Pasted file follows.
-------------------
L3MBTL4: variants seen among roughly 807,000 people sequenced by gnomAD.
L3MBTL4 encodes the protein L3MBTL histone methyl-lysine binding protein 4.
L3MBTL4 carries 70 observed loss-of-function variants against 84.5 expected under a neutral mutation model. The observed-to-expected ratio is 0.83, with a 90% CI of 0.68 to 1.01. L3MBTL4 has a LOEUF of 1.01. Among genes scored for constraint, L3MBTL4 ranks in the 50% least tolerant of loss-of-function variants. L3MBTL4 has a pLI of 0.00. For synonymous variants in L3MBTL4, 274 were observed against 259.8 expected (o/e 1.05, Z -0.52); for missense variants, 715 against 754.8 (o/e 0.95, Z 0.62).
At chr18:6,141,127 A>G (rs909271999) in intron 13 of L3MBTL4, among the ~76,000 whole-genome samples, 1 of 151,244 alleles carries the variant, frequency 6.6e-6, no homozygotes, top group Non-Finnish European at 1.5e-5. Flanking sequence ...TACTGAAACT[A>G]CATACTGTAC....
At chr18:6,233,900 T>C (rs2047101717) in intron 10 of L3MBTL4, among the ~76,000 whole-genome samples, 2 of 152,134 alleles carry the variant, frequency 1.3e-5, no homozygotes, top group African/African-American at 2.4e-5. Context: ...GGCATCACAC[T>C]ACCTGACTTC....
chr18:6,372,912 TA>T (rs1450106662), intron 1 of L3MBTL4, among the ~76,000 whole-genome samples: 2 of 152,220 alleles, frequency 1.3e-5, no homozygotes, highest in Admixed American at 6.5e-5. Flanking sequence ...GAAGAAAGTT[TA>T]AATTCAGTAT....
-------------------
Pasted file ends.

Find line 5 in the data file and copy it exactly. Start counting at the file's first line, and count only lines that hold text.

At chr18:6,233,900 T>C (rs2047101717) in intron 10 of L3MBTL4, among the ~76,000 whole-genome samples, 2 of 152,134 alleles carry the variant, frequency 1.3e-5, no homozygotes, top group African/African-American at 2.4e-5. Context: ...GGCATCACAC[T>C]ACCTGACTTC....